Suppressing errors from VSTest running form cmd

I’ve written this script a couple of different ways I’m currently using the cmd /c and previously used “&” to call VSTest.console.exe. The script is running from Bamboo and when a test fails VSTest writes stderr output which is causing the Bamboo Powershell client to fail the task even though it should not. I need to suppress or hide completely the errors and have powershell return with no errors so Bamboo won’t fail the task. The command is being built from variables because some of the values will come from Bamboo once this script works like it should.
Script is as follows.

$workingDirectory = ${}

Set-Location -path $workingDirectory
$VSTestexe = "C:\Program Files (x86)\Microsoft Visual Studio 12.0\Common7\IDE\CommonExtensions\Microsoft\TestWindow\vstest.console.exe"
$TestContainer = $workingDirectory + '\TestProject\bin\Debug\TestProject.dll'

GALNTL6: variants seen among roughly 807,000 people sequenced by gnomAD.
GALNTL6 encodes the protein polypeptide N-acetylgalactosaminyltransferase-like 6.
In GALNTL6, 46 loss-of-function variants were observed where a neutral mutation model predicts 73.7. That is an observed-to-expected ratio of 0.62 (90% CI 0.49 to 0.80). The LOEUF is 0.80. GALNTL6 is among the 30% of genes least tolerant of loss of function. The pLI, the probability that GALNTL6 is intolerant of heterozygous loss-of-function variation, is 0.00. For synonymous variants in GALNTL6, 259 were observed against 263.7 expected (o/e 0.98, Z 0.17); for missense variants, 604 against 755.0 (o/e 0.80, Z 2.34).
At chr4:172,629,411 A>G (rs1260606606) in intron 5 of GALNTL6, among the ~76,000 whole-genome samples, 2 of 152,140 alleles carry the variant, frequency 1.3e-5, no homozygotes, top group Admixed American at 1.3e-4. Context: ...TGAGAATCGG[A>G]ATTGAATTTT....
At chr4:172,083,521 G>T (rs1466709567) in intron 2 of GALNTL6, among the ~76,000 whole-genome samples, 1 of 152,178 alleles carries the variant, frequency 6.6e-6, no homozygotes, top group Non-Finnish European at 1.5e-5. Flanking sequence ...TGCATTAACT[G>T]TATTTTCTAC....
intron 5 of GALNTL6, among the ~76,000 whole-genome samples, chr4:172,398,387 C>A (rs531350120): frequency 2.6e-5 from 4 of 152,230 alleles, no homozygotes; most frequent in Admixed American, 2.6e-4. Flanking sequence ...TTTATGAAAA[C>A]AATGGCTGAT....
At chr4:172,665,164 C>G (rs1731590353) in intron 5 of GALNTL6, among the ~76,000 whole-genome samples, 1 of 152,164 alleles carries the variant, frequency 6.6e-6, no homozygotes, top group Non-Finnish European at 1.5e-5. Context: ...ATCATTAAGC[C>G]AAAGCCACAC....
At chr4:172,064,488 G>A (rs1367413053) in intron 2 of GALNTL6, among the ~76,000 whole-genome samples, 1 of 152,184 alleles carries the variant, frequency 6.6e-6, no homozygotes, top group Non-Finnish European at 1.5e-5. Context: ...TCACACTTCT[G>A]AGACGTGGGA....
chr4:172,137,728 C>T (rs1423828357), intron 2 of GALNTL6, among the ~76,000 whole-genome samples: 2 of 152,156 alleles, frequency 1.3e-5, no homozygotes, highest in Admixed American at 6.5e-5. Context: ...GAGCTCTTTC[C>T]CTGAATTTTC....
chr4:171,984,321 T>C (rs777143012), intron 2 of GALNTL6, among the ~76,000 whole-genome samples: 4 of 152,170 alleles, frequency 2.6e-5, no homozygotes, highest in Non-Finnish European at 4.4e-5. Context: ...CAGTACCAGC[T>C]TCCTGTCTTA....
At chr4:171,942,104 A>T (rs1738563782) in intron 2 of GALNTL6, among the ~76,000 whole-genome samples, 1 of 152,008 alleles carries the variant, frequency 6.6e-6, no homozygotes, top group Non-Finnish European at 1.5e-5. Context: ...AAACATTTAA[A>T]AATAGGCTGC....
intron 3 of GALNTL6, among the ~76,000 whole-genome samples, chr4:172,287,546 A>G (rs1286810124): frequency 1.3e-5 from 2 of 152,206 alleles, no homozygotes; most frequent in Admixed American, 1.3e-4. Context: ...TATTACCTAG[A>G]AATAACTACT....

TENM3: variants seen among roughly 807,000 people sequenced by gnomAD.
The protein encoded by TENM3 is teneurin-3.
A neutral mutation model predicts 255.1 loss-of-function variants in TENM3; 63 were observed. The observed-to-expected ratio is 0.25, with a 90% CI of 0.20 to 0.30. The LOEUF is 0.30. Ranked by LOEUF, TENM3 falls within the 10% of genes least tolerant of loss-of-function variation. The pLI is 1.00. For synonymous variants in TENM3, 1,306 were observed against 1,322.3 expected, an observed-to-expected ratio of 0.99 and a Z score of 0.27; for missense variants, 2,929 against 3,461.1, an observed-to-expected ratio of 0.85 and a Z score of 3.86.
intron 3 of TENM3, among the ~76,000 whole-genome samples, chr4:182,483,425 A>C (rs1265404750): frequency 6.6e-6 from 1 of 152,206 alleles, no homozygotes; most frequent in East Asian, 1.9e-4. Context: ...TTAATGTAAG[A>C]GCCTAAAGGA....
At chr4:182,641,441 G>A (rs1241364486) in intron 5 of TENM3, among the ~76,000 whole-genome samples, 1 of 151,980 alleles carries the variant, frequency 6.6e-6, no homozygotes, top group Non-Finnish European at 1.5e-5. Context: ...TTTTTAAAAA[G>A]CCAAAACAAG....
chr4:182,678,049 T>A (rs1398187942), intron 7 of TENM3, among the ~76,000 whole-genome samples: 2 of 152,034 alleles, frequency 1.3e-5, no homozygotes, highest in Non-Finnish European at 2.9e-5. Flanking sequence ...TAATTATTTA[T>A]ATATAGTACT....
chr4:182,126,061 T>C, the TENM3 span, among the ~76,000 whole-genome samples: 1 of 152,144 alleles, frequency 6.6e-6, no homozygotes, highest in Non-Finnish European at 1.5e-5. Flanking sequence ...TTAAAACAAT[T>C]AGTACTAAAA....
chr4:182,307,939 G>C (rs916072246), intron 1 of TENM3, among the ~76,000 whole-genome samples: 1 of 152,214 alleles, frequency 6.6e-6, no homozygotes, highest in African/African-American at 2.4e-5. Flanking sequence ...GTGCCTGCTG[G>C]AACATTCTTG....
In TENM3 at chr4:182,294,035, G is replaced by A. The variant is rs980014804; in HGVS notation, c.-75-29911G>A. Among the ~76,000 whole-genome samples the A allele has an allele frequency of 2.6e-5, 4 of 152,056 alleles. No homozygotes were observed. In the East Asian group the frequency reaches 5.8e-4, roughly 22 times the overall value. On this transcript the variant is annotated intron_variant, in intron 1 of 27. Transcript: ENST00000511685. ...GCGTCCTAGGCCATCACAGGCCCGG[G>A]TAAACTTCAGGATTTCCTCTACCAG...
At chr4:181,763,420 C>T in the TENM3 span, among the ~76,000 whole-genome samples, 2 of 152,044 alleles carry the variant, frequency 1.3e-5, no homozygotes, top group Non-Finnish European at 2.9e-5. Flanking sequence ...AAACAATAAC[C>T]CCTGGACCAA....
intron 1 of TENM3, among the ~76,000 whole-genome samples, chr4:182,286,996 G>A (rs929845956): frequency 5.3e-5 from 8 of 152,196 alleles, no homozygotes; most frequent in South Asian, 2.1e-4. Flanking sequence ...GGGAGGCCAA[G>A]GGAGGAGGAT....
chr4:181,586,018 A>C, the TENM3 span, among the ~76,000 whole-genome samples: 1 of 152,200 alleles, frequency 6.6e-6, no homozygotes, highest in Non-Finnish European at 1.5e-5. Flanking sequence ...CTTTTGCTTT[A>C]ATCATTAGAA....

$Tests = "/Tests:SmokeTests"
$TestSwitches = "/InIsolation /logger:trx"

$command = '"' + $VSTestexe + '" '
$command +='"' + $TestContainer + '" '
$command += $Tests
$command += " " + $TestSwitches
cmd /c @$command >$null 2>&1

So… as a non-user of either Bamboo or Visual Studio, let me see if I can genericize this so that I can understand it, without ruining the meaning :).

The problem is that you’re running an external command, which writes to stderr, which PowerShell (correctly) interprets as an error. Correct? And you want PowerShell to not interpret that as an error?

VSTest writes output to standard error that is not technically an error. A failed test from VSTest is simply a failed test however because it outputs that information to stderr powershell interprets it as it normally should and passes the error up to the calling app of the powershell script. I need to somehow mask the error messages that VSTest is writing because they are not technically errors.

OK. Gotcha.

You’ll need to try this, but one technique might be to redirect stderr to stdout within Cmd.exe. The syntax is at, but briefly…

MyCommand.exe 1<&2

That’d still let you capture the output, but getting stderr emptied might accomplish what you’re after. Alternately, you might try setting $ErrorActionPreference=“SilentlyContinue” immediately before running the external command - but you’ll lose whatever was in stderr (not sure if you care).